Nintendo Wins Millions In Lawsuit Against ROM Website

Nintendo Logo (Image Courtesy Of Nintendo)

Nintendo Logo (Image Courtesy Of Nintendo)

The site owner of RomUniverse must pay $2.1 million to Nintendo after a court decision. This is the result of a lawsuit that Nintendo filed in September of 2019 for violation of copyright and federal trademark law. TorrentFreak first broke this story last week.

RomUniverse pedaled pirated copies of Nintendo games through their site. The site carried recent and retro Nintendo games. These games were downloaded over 100,000 times by users. ROMs are files ripped from disks, which in this case meant Nintendo games. The website was taken down during the summer of 2020 after staying alive throughout the proceeding of the case.

RomUniverse also offered a “premium” service which allowed for faster access and downloads. This service could cost up to $30 annually. The judge found this detail to be particularly damning, as he highlighted the fact that the owner “received a direct financial benefit from the infringing acts of the users of his website who downloaded copies of Nintendo’s copyrighted video games, and Defendant did not stop the infringing activity despite having knowledge of the Infringement.” These services put anywhere from $30,000 to $36,000 in the hands of the site’s operators.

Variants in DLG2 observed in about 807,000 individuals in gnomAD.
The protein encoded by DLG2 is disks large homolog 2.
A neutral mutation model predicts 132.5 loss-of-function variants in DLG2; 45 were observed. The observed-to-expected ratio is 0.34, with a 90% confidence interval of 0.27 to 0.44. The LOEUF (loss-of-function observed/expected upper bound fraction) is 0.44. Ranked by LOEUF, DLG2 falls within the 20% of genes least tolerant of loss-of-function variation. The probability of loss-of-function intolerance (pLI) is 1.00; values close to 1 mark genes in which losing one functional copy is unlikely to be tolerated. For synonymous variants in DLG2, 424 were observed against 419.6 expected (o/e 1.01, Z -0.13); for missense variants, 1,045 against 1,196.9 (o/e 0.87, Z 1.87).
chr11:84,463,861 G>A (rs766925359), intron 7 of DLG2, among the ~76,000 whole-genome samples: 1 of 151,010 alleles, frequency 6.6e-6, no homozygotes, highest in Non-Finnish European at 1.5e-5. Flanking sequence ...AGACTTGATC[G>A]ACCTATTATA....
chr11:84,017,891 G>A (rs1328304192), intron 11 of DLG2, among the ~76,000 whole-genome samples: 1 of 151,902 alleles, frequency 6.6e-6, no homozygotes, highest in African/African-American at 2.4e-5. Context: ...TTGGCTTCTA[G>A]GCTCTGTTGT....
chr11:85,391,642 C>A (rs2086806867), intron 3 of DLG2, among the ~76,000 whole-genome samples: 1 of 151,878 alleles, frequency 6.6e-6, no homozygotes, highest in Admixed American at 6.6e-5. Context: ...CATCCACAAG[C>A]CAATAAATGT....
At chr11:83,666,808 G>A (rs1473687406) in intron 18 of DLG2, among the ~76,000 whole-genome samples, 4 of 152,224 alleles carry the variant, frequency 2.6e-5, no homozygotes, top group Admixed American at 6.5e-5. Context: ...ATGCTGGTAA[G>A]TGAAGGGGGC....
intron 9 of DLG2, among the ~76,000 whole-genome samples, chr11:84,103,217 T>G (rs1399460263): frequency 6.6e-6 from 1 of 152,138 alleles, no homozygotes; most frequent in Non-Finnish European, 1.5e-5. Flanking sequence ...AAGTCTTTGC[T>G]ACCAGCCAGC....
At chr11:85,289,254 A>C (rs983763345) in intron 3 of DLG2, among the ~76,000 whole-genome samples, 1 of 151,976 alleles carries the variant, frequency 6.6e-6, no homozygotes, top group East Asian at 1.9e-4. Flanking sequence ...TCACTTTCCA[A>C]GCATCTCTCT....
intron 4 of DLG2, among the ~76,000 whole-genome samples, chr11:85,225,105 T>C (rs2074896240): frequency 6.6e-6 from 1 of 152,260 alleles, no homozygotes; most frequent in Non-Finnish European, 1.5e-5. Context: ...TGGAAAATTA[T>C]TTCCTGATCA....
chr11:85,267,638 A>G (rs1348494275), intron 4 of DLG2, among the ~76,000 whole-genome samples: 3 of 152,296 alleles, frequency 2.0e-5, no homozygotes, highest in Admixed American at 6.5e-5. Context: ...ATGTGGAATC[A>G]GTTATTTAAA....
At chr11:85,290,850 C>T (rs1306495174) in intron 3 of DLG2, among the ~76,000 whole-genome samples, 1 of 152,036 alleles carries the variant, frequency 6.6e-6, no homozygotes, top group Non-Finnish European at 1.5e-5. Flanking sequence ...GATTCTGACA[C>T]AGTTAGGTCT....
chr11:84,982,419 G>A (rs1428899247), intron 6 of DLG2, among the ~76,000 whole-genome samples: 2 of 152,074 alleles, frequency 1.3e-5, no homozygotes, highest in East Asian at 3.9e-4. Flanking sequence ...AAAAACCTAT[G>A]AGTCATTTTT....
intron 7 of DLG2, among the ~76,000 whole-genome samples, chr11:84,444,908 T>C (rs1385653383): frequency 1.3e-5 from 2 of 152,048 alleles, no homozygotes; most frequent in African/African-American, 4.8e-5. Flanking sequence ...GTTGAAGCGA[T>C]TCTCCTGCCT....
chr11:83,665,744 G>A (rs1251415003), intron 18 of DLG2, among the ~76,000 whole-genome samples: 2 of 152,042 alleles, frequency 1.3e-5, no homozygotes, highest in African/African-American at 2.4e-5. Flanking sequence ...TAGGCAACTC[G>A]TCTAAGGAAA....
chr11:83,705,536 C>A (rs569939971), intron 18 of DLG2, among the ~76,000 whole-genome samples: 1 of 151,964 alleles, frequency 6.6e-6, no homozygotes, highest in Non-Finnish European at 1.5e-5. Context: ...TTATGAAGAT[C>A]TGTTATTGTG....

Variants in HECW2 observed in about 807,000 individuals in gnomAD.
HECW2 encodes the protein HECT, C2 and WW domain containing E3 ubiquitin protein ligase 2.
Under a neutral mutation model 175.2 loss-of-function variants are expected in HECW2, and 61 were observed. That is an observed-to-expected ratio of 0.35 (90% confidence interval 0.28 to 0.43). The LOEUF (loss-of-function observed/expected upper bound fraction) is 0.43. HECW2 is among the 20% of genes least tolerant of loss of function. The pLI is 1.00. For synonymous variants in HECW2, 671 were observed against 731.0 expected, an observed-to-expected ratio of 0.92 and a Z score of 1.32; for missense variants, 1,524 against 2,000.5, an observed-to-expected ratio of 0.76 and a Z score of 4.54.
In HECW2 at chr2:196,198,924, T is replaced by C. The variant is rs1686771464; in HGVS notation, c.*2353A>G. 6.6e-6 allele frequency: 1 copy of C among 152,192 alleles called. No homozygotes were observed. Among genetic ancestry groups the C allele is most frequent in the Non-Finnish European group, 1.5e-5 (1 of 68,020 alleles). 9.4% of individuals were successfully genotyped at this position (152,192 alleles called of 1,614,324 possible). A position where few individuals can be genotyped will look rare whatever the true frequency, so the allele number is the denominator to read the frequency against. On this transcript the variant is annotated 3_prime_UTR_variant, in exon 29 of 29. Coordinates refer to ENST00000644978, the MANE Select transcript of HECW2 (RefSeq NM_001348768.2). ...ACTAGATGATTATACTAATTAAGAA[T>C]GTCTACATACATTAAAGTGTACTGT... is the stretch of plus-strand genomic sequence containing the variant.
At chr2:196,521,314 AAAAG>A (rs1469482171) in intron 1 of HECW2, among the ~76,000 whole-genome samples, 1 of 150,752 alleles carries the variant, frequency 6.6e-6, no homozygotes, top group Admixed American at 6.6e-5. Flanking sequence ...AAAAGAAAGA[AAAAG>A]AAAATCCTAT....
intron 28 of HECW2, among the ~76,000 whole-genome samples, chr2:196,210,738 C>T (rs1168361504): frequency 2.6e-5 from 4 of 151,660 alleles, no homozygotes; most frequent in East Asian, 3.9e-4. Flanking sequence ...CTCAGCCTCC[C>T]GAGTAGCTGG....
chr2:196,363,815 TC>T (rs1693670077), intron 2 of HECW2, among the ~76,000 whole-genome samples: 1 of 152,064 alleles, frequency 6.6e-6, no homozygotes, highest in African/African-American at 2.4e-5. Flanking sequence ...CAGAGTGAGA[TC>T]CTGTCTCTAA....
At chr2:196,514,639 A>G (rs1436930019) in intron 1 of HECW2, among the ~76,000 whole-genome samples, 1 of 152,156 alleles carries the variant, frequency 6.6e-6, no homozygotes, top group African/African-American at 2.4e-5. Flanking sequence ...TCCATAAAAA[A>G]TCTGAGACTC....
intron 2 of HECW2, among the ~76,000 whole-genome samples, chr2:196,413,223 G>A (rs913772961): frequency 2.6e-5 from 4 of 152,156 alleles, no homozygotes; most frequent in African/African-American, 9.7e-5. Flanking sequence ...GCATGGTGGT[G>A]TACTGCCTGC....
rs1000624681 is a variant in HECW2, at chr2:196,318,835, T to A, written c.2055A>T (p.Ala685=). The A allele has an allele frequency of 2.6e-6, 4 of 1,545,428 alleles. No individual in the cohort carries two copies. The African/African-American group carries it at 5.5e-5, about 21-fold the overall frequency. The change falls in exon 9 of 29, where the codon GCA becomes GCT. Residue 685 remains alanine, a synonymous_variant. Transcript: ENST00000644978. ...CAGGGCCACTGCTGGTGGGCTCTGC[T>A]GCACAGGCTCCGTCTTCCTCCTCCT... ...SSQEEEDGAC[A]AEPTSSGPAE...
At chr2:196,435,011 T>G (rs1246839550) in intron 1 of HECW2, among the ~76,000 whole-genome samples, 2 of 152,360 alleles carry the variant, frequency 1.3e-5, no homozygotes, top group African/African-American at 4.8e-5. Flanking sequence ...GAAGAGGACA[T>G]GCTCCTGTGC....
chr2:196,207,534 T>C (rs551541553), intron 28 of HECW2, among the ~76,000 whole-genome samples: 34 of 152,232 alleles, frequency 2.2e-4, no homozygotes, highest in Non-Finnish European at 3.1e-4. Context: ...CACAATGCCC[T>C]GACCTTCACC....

RomUniverse was first controlled by Matthew Storman. Storman, who lives in California, has claimed that he never uploaded files to the site. He also purports that he did not “verify the content of said ROM file.” The court did not accept this statement as he was previously on record saying that “he and/or his ‘admin’ uploaded ROMs of Nintendo’s copyrighted works.”

Nintendo first requested around $15 million in damages from the site. This number originated from a $90,000 charge on each of the 49 copyrighted properties and a $400,000 charge for 29 trademarks that were infringed upon. The court reduced the charges to $35,000 per copyrighted property and a $400,000 collective payout for all of the trademarks. This brought the total damages down to $2,115,000.

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